New York

Ingrid Calame

James Cohan | 48 Walker St

Everyone who follows contemporary painting knows the peculiar method by which Ingrid Calame makes her work—for others, let it be said that it has to do with transcribing stains found on city streets and sidewalks, then overlapping the resulting forms—but does anyone really care? What seems to matter is this: The paintings incorporate the random and arbitrary (and possibly also what used to be called “the abject”) within a practice that nonetheless requires finical accuracy; there is a degree of almost mindless repetition and filling in involved, but the resulting forms are unpredictable and uncategorizable. Pictorial structures are irregular and full of detail, like a certain kind of Abstract Expressionism, yet there are no free gestures here. Everything is a rendering of a found shape, and the painter’s touch is not warm and expressive but cold and precise.

One’s awareness that the shapes have been rendered instead of occurring spontaneously and directly in the application of paint means that these works have a very different sense of internal scale than those of a precursor like Jackson Pollock. The direct Abstract Expressionist gesture means that each pictorial element represents only itself, and therefore the representation and what is represented are of equal size. This size, in turn, can always be experienced in relation to the scale of the human body. But with shapes that have obviously been rendered, the form could be smaller, larger, or the same size as its referent; therefore the viewer has no stable sense of the forms’ scale—among themselves or in relation to his or her own body. And furthermore, since Calame’s paintings show their layering overtly, with certain shapes clearly in the foreground and others pushed back to various depths—unlike a Pollock poured painting where, ideally, the weave of the lines of color resolves itself to a uniform texture without “holes”—they communicate a feeling of depth, of space, that is nonetheless immeasurable. There is something scary about these paintings: They’re tangled and energetic and you don’t know where you stand with them.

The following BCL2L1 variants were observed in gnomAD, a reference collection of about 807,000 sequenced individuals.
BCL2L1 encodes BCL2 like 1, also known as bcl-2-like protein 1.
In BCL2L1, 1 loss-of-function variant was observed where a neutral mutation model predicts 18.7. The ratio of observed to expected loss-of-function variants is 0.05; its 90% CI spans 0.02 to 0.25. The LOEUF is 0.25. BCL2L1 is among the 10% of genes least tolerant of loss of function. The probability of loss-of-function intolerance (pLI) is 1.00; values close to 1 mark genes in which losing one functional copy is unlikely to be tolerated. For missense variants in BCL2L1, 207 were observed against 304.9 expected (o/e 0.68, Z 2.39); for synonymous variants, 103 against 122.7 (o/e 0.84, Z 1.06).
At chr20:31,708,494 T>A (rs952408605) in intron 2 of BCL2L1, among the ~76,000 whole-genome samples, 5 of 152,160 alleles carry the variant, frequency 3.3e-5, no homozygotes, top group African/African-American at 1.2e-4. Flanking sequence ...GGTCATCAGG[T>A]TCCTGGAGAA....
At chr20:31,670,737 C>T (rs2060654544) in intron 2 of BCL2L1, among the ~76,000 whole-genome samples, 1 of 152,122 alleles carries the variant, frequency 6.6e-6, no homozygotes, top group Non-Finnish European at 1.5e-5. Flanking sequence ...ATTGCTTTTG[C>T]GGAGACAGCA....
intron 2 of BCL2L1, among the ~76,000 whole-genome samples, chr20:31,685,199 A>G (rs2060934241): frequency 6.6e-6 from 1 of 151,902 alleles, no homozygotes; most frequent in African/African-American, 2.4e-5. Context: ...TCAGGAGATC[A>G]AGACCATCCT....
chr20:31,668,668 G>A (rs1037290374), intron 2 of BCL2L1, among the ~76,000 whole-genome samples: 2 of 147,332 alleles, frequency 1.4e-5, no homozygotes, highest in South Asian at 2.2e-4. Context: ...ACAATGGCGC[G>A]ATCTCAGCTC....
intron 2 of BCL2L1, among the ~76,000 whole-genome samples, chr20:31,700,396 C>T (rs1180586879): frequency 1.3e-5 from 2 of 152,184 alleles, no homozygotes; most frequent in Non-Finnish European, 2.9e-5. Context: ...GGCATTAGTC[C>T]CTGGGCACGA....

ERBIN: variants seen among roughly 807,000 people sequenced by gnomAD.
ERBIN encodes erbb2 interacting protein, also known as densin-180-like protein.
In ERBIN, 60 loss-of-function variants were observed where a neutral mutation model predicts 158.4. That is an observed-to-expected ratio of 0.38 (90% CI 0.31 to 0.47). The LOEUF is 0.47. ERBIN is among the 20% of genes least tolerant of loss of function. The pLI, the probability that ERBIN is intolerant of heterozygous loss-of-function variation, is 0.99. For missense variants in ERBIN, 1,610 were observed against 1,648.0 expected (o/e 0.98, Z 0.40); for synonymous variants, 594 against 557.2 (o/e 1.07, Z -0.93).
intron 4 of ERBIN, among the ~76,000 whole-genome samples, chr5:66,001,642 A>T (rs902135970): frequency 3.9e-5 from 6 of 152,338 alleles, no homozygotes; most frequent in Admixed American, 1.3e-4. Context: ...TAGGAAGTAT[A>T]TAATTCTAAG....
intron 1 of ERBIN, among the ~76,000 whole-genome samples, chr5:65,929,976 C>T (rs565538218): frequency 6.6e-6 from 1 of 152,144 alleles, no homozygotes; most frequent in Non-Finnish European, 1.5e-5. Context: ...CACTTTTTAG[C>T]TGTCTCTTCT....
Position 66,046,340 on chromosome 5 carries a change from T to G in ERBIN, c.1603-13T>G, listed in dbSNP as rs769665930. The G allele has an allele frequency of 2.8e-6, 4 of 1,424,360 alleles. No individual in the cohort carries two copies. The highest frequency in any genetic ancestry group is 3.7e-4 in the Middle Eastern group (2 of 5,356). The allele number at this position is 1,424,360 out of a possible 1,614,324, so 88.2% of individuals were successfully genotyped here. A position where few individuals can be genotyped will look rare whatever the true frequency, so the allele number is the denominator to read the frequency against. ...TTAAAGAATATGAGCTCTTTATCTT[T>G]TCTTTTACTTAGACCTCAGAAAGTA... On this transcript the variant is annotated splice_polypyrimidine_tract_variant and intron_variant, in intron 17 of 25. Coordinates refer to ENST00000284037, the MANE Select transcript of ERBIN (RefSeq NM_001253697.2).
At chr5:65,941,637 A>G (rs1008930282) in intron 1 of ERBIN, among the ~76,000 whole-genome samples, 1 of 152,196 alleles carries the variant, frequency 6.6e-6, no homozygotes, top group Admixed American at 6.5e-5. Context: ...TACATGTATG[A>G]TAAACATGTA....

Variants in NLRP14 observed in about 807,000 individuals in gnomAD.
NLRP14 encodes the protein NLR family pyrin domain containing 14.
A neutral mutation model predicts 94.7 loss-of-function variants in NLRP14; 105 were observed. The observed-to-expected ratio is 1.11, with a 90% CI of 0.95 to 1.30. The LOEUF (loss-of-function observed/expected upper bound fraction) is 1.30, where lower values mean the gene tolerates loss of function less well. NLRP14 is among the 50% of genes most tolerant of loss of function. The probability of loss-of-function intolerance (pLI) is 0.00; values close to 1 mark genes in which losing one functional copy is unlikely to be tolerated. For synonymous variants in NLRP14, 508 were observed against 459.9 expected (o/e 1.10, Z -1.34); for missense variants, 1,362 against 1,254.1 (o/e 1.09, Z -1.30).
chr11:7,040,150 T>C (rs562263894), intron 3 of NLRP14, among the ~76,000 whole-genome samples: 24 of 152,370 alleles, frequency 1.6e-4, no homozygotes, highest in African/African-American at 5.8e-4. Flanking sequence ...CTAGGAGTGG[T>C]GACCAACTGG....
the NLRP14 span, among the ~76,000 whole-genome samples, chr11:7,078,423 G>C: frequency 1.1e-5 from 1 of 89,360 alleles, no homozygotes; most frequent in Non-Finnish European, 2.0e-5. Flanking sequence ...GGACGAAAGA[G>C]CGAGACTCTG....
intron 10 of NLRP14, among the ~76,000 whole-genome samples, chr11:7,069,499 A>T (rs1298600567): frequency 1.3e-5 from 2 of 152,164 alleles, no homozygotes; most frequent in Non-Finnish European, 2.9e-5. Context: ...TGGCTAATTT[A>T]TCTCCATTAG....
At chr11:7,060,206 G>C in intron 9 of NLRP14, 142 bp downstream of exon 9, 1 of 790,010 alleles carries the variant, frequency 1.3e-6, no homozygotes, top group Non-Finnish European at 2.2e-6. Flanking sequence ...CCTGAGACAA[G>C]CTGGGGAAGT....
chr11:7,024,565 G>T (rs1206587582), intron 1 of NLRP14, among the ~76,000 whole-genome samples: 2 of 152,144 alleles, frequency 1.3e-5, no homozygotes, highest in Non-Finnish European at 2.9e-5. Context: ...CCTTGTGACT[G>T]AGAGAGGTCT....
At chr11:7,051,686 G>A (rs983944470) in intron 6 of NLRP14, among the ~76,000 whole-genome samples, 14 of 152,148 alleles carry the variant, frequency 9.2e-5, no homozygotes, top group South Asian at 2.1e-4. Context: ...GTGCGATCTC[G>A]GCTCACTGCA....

To note all that is still somehow to remain caught within the spell of method. Yet it is significant that Calame’s new paintings are much stronger than those she last showed in New York three years ago, although presumably made the same way. What escapes method, of course, is color. In these paintings it always feels dense, concentrated—its hardness and opacity signifying not resistance but latency, as if within each color a tremendous reserve of the same lay waiting to be released, later, in the mind. (Libby Lumpkin once remarked that Calame “analyzes colors the way dogs analyze smells.”) Paradoxically, Calame’s brilliance as a colorist may be most forcefully manifest in two monochrome works, a pair of excerpts from a much larger project she’s described as a painting “too big to be seen”—two spaces whose walls were almost entirely covered by twelve-foot-high Mylar sheets painted with her usual stain shapes but in lime green only. They somehow give a sense of all the potential color that’s been subtracted from the space even as they immerse the viewer in the immense quantity of the one color that is there.

Barry Schwabsky